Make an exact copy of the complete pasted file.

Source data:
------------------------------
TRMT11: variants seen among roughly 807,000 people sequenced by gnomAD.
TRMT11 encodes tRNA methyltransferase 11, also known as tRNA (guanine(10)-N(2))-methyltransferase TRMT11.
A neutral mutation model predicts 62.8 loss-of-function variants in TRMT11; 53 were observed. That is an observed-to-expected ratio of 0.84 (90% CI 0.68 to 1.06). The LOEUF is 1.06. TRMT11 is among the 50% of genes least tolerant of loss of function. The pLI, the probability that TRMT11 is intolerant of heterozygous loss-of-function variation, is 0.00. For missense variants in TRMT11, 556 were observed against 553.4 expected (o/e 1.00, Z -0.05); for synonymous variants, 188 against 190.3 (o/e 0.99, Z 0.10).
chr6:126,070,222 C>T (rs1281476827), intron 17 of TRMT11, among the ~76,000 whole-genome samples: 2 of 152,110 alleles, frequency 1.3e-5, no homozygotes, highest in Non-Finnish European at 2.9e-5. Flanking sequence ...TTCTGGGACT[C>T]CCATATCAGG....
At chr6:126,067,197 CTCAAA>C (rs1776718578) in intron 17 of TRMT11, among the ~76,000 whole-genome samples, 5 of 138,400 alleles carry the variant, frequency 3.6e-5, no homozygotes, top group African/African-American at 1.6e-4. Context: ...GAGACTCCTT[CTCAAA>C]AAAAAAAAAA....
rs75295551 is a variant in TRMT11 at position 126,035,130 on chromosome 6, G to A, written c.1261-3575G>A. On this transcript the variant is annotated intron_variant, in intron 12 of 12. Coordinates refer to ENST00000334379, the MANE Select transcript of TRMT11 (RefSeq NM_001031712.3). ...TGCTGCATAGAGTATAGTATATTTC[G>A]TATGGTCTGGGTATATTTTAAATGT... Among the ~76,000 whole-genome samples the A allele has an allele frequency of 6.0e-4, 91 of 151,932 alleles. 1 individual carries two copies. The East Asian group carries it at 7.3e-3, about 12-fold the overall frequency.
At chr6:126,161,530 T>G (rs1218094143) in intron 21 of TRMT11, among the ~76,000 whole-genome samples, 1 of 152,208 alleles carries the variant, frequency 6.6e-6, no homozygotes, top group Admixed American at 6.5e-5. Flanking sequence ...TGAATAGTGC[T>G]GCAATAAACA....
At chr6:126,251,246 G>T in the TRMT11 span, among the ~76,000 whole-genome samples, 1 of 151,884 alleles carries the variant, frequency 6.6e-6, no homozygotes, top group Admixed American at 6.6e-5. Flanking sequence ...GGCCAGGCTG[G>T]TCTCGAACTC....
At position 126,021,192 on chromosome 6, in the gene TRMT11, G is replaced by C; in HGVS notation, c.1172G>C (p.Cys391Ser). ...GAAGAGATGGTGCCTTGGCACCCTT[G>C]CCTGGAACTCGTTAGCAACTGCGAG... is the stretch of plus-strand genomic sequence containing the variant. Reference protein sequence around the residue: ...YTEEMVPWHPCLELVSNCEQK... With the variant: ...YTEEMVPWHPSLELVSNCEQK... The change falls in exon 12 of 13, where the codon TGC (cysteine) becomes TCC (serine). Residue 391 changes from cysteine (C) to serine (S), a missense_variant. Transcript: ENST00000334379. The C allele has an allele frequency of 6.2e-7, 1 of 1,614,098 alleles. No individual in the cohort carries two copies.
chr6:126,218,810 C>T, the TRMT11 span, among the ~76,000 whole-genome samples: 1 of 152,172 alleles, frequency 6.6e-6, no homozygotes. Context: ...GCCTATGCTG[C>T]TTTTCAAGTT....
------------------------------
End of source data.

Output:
TRMT11: variants seen among roughly 807,000 people sequenced by gnomAD.
TRMT11 encodes tRNA methyltransferase 11, also known as tRNA (guanine(10)-N(2))-methyltransferase TRMT11.
A neutral mutation model predicts 62.8 loss-of-function variants in TRMT11; 53 were observed. That is an observed-to-expected ratio of 0.84 (90% CI 0.68 to 1.06). The LOEUF is 1.06. TRMT11 is among the 50% of genes least tolerant of loss of function. The pLI, the probability that TRMT11 is intolerant of heterozygous loss-of-function variation, is 0.00. For missense variants in TRMT11, 556 were observed against 553.4 expected (o/e 1.00, Z -0.05); for synonymous variants, 188 against 190.3 (o/e 0.99, Z 0.10).
chr6:126,070,222 C>T (rs1281476827), intron 17 of TRMT11, among the ~76,000 whole-genome samples: 2 of 152,110 alleles, frequency 1.3e-5, no homozygotes, highest in Non-Finnish European at 2.9e-5. Flanking sequence ...TTCTGGGACT[C>T]CCATATCAGG....
At chr6:126,067,197 CTCAAA>C (rs1776718578) in intron 17 of TRMT11, among the ~76,000 whole-genome samples, 5 of 138,400 alleles carry the variant, frequency 3.6e-5, no homozygotes, top group African/African-American at 1.6e-4. Context: ...GAGACTCCTT[CTCAAA>C]AAAAAAAAAA....
rs75295551 is a variant in TRMT11 at position 126,035,130 on chromosome 6, G to A, written c.1261-3575G>A. On this transcript the variant is annotated intron_variant, in intron 12 of 12. Coordinates refer to ENST00000334379, the MANE Select transcript of TRMT11 (RefSeq NM_001031712.3). ...TGCTGCATAGAGTATAGTATATTTC[G>A]TATGGTCTGGGTATATTTTAAATGT... Among the ~76,000 whole-genome samples the A allele has an allele frequency of 6.0e-4, 91 of 151,932 alleles. 1 individual carries two copies. The East Asian group carries it at 7.3e-3, about 12-fold the overall frequency.
At chr6:126,161,530 T>G (rs1218094143) in intron 21 of TRMT11, among the ~76,000 whole-genome samples, 1 of 152,208 alleles carries the variant, frequency 6.6e-6, no homozygotes, top group Admixed American at 6.5e-5. Flanking sequence ...TGAATAGTGC[T>G]GCAATAAACA....
At chr6:126,251,246 G>T in the TRMT11 span, among the ~76,000 whole-genome samples, 1 of 151,884 alleles carries the variant, frequency 6.6e-6, no homozygotes, top group Admixed American at 6.6e-5. Flanking sequence ...GGCCAGGCTG[G>T]TCTCGAACTC....
At position 126,021,192 on chromosome 6, in the gene TRMT11, G is replaced by C; in HGVS notation, c.1172G>C (p.Cys391Ser). ...GAAGAGATGGTGCCTTGGCACCCTT[G>C]CCTGGAACTCGTTAGCAACTGCGAG... is the stretch of plus-strand genomic sequence containing the variant. Reference protein sequence around the residue: ...YTEEMVPWHPCLELVSNCEQK... With the variant: ...YTEEMVPWHPSLELVSNCEQK... The change falls in exon 12 of 13, where the codon TGC (cysteine) becomes TCC (serine). Residue 391 changes from cysteine (C) to serine (S), a missense_variant. Transcript: ENST00000334379. The C allele has an allele frequency of 6.2e-7, 1 of 1,614,098 alleles. No individual in the cohort carries two copies.
chr6:126,218,810 C>T, the TRMT11 span, among the ~76,000 whole-genome samples: 1 of 152,172 alleles, frequency 6.6e-6, no homozygotes. Context: ...GCCTATGCTG[C>T]TTTTCAAGTT....